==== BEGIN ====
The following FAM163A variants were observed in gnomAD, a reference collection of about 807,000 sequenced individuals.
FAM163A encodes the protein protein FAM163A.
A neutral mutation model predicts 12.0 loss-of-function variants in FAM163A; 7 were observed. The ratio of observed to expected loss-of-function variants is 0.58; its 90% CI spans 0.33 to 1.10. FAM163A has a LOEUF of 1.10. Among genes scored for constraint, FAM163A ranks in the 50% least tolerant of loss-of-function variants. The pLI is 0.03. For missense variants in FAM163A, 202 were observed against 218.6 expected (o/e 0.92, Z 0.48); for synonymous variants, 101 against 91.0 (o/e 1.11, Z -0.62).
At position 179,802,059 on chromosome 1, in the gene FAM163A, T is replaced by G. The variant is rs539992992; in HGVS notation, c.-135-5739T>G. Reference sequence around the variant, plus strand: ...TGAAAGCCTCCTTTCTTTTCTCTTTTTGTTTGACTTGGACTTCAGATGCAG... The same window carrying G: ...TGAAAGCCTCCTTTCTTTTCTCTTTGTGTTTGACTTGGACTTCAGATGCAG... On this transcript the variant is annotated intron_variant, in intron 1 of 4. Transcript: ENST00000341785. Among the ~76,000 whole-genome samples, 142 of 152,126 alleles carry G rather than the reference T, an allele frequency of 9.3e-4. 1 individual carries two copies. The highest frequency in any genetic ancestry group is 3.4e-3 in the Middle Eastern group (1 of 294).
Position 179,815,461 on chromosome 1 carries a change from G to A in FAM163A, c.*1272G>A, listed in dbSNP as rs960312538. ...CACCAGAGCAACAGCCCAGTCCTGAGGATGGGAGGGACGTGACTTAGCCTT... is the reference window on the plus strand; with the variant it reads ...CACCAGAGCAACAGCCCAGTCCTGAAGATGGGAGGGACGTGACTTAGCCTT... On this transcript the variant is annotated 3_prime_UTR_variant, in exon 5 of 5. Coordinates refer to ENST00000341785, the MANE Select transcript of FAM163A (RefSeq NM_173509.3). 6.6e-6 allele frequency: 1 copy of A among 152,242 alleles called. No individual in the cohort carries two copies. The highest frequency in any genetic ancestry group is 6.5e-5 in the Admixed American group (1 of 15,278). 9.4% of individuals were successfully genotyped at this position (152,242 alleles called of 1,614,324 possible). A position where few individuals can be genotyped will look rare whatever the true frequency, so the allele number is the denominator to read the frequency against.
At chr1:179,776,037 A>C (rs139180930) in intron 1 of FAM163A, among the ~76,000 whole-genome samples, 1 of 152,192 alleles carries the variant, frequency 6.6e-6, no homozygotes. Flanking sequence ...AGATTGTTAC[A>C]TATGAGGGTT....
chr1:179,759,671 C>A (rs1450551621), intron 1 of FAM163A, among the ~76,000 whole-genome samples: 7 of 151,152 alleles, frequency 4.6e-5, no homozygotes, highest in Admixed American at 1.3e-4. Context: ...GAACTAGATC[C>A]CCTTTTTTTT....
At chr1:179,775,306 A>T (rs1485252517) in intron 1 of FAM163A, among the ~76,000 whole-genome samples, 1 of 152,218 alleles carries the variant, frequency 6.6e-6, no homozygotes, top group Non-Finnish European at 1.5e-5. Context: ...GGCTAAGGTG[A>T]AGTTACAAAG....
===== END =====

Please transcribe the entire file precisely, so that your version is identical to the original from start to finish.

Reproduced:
The following FAM163A variants were observed in gnomAD, a reference collection of about 807,000 sequenced individuals.
FAM163A encodes the protein protein FAM163A.
A neutral mutation model predicts 12.0 loss-of-function variants in FAM163A; 7 were observed. The ratio of observed to expected loss-of-function variants is 0.58; its 90% CI spans 0.33 to 1.10. FAM163A has a LOEUF of 1.10. Among genes scored for constraint, FAM163A ranks in the 50% least tolerant of loss-of-function variants. The pLI is 0.03. For missense variants in FAM163A, 202 were observed against 218.6 expected (o/e 0.92, Z 0.48); for synonymous variants, 101 against 91.0 (o/e 1.11, Z -0.62).
At position 179,802,059 on chromosome 1, in the gene FAM163A, T is replaced by G. The variant is rs539992992; in HGVS notation, c.-135-5739T>G. Reference sequence around the variant, plus strand: ...TGAAAGCCTCCTTTCTTTTCTCTTTTTGTTTGACTTGGACTTCAGATGCAG... The same window carrying G: ...TGAAAGCCTCCTTTCTTTTCTCTTTGTGTTTGACTTGGACTTCAGATGCAG... On this transcript the variant is annotated intron_variant, in intron 1 of 4. Transcript: ENST00000341785. Among the ~76,000 whole-genome samples, 142 of 152,126 alleles carry G rather than the reference T, an allele frequency of 9.3e-4. 1 individual carries two copies. The highest frequency in any genetic ancestry group is 3.4e-3 in the Middle Eastern group (1 of 294).
Position 179,815,461 on chromosome 1 carries a change from G to A in FAM163A, c.*1272G>A, listed in dbSNP as rs960312538. ...CACCAGAGCAACAGCCCAGTCCTGAGGATGGGAGGGACGTGACTTAGCCTT... is the reference window on the plus strand; with the variant it reads ...CACCAGAGCAACAGCCCAGTCCTGAAGATGGGAGGGACGTGACTTAGCCTT... On this transcript the variant is annotated 3_prime_UTR_variant, in exon 5 of 5. Coordinates refer to ENST00000341785, the MANE Select transcript of FAM163A (RefSeq NM_173509.3). 6.6e-6 allele frequency: 1 copy of A among 152,242 alleles called. No individual in the cohort carries two copies. The highest frequency in any genetic ancestry group is 6.5e-5 in the Admixed American group (1 of 15,278). 9.4% of individuals were successfully genotyped at this position (152,242 alleles called of 1,614,324 possible). A position where few individuals can be genotyped will look rare whatever the true frequency, so the allele number is the denominator to read the frequency against.
At chr1:179,776,037 A>C (rs139180930) in intron 1 of FAM163A, among the ~76,000 whole-genome samples, 1 of 152,192 alleles carries the variant, frequency 6.6e-6, no homozygotes. Flanking sequence ...AGATTGTTAC[A>C]TATGAGGGTT....
chr1:179,759,671 C>A (rs1450551621), intron 1 of FAM163A, among the ~76,000 whole-genome samples: 7 of 151,152 alleles, frequency 4.6e-5, no homozygotes, highest in Admixed American at 1.3e-4. Context: ...GAACTAGATC[C>A]CCTTTTTTTT....
At chr1:179,775,306 A>T (rs1485252517) in intron 1 of FAM163A, among the ~76,000 whole-genome samples, 1 of 152,218 alleles carries the variant, frequency 6.6e-6, no homozygotes, top group Non-Finnish European at 1.5e-5. Context: ...GGCTAAGGTG[A>T]AGTTACAAAG....